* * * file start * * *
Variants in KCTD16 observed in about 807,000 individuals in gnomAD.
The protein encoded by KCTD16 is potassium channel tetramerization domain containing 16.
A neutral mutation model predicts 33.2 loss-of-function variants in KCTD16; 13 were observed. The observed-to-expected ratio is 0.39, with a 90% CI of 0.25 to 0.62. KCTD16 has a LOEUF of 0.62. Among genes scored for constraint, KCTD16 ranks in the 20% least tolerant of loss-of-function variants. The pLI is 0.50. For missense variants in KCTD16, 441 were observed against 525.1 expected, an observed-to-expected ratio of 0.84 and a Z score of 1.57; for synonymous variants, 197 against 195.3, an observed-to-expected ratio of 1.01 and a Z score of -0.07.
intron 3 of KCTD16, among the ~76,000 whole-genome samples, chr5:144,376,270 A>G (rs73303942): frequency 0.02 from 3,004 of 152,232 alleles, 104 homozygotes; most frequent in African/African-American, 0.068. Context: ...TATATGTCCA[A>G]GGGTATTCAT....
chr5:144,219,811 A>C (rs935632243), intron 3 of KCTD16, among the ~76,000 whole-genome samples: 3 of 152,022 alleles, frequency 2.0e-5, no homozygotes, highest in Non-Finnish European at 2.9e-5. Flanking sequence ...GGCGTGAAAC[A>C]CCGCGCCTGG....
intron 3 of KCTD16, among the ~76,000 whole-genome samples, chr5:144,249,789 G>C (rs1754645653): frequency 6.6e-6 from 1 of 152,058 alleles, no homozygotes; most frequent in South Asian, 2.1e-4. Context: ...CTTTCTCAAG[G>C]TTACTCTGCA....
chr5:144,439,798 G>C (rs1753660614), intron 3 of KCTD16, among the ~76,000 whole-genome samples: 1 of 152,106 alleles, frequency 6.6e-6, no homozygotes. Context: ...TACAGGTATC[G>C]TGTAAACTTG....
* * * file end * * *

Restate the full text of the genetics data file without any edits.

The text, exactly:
Variants in KCTD16 observed in about 807,000 individuals in gnomAD.
The protein encoded by KCTD16 is potassium channel tetramerization domain containing 16.
A neutral mutation model predicts 33.2 loss-of-function variants in KCTD16; 13 were observed. The observed-to-expected ratio is 0.39, with a 90% CI of 0.25 to 0.62. KCTD16 has a LOEUF of 0.62. Among genes scored for constraint, KCTD16 ranks in the 20% least tolerant of loss-of-function variants. The pLI is 0.50. For missense variants in KCTD16, 441 were observed against 525.1 expected, an observed-to-expected ratio of 0.84 and a Z score of 1.57; for synonymous variants, 197 against 195.3, an observed-to-expected ratio of 1.01 and a Z score of -0.07.
intron 3 of KCTD16, among the ~76,000 whole-genome samples, chr5:144,376,270 A>G (rs73303942): frequency 0.02 from 3,004 of 152,232 alleles, 104 homozygotes; most frequent in African/African-American, 0.068. Context: ...TATATGTCCA[A>G]GGGTATTCAT....
chr5:144,219,811 A>C (rs935632243), intron 3 of KCTD16, among the ~76,000 whole-genome samples: 3 of 152,022 alleles, frequency 2.0e-5, no homozygotes, highest in Non-Finnish European at 2.9e-5. Flanking sequence ...GGCGTGAAAC[A>C]CCGCGCCTGG....
intron 3 of KCTD16, among the ~76,000 whole-genome samples, chr5:144,249,789 G>C (rs1754645653): frequency 6.6e-6 from 1 of 152,058 alleles, no homozygotes; most frequent in South Asian, 2.1e-4. Context: ...CTTTCTCAAG[G>C]TTACTCTGCA....
chr5:144,439,798 G>C (rs1753660614), intron 3 of KCTD16, among the ~76,000 whole-genome samples: 1 of 152,106 alleles, frequency 6.6e-6, no homozygotes. Context: ...TACAGGTATC[G>C]TGTAAACTTG....